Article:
"You do not mean to carry the letters into effect?"

    "Had I the letters, certainly, my friend. I should be bound by them. But
    I took good care to lose them," Tavannes added naively. "I am no fool."


    "However," Count Hannibal continued, with an airy gesture, "that is my
    affair. If you, M. de Montsoreau, feel inclined, in spite of the absence
    of my letters, to carry yours into effect, by all means do so--after
    midnight of to-day."

    M. de Montsoreau breathed hard. "And why," he asked, half sulkily and
    half ponderously, "after midnight only, M. le Comte?"

    "Merely that I may be clear of all suspicion of having lot or part in the
    matter," Count Hannibal answered pleasantly. "After midnight of to-night
    by all means do as you please. Until midnight, by your leave, we will be

    The Lieutenant-Governor moved doubtfully in his chair, the fear--which
    Tavannes had shrewdly instilled into his mind--that he might be disowned
    if he carried out his instructions, struggling with his avarice and his
    self-importance. He was rather crafty than bold; and such things had
    been, he knew. Little by little, and while he sat gloomily debating, the
    notion of dealing with one or two and holding the body of the Huguenots
    to ransom--a notion which, in spite of everything, was to bear good fruit
    for Angers--began to form in his mind. The plan suited him: it left him
    free to face either way, and it would fill his pockets more genteelly
    than would open robbery. On the other hand, he would offend his brother
    and the fanatical party, with whom he commonly acted. They were looking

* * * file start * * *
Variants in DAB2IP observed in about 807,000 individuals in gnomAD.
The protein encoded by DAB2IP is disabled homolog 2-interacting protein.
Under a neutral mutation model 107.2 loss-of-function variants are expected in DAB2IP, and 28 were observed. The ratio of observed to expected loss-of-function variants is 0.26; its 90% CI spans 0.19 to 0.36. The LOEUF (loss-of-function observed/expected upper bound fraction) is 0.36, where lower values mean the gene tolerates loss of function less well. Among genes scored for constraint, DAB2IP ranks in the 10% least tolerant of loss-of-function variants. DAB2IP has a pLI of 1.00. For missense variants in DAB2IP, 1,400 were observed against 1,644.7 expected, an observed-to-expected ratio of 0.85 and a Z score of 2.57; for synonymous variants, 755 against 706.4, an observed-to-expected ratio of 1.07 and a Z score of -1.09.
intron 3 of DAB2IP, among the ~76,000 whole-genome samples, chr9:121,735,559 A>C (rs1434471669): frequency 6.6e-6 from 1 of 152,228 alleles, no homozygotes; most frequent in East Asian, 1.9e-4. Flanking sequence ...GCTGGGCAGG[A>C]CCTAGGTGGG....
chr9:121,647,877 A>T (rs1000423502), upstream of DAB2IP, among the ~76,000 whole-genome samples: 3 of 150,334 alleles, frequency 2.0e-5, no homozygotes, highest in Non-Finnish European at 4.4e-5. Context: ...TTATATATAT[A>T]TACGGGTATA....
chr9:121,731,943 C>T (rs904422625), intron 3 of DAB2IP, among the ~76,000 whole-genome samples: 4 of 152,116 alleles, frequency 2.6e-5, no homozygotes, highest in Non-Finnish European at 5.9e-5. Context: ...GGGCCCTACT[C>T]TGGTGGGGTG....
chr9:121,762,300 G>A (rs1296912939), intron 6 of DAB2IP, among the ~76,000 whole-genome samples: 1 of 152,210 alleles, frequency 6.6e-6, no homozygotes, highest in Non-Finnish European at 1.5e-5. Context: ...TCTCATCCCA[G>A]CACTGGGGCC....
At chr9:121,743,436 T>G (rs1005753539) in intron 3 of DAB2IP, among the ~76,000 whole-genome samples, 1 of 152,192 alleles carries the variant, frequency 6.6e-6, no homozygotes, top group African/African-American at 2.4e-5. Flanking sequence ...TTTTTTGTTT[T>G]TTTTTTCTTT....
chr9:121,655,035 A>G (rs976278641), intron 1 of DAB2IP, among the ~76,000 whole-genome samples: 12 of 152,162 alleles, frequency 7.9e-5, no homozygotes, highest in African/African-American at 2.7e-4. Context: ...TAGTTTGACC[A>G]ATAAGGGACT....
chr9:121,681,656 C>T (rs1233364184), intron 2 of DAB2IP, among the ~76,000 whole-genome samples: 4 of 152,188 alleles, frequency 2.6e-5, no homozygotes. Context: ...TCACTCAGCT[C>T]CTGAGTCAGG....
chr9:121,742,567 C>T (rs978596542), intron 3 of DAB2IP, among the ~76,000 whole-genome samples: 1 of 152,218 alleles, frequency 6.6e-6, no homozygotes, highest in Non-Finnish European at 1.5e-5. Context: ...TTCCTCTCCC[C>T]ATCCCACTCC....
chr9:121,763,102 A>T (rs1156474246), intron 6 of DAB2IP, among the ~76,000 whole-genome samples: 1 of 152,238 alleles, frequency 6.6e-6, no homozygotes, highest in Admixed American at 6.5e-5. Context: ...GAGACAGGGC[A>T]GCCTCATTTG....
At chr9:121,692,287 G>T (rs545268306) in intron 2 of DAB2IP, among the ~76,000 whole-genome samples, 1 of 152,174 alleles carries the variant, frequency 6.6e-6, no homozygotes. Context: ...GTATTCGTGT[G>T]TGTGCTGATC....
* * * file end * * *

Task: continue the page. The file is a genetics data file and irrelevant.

to see him assert himself. They were looking to hear him declare
    himself. And--

    Harshly Count Hannibal's voice broke in on his thoughts; harshly, a
    something sinister in its tone.

    "Where is your brother?" he said. And it was evident that he had not
    noted his absence until then. "My lord's Vicar of all people should be
    here!" he continued, leaning forward and looking round the table. His
    brow was stormy.

    Lescot squirmed under his eye; Thuriot turned pale and trembled. It was
    one of the canons of St.-Maurice, who at length took on himself to

    "His lordship requested, M. le Comte," he ventured, "that you would
    excuse him. His duties--"

    "Is he ill?"


    "Is he ill, sirrah?" Tavannes roared. And while all bowed before the
    lightning of his eye, no man at the table knew what had roused the sudden
    tempest. But Bigot knew, who stood by the door, and whose ear, keen as
    his master's, had caught the distant report of a musket shot. "If he be
    not ill," Tavannes continued, rising and looking round the table in
    search of signs of guilt, "and there be foul play here, and he the
    player, the Bishop's own hand shall not save him! By Heaven it shall
    not! Nor yours!" he continued, looking fiercely at Montsoreau. "Nor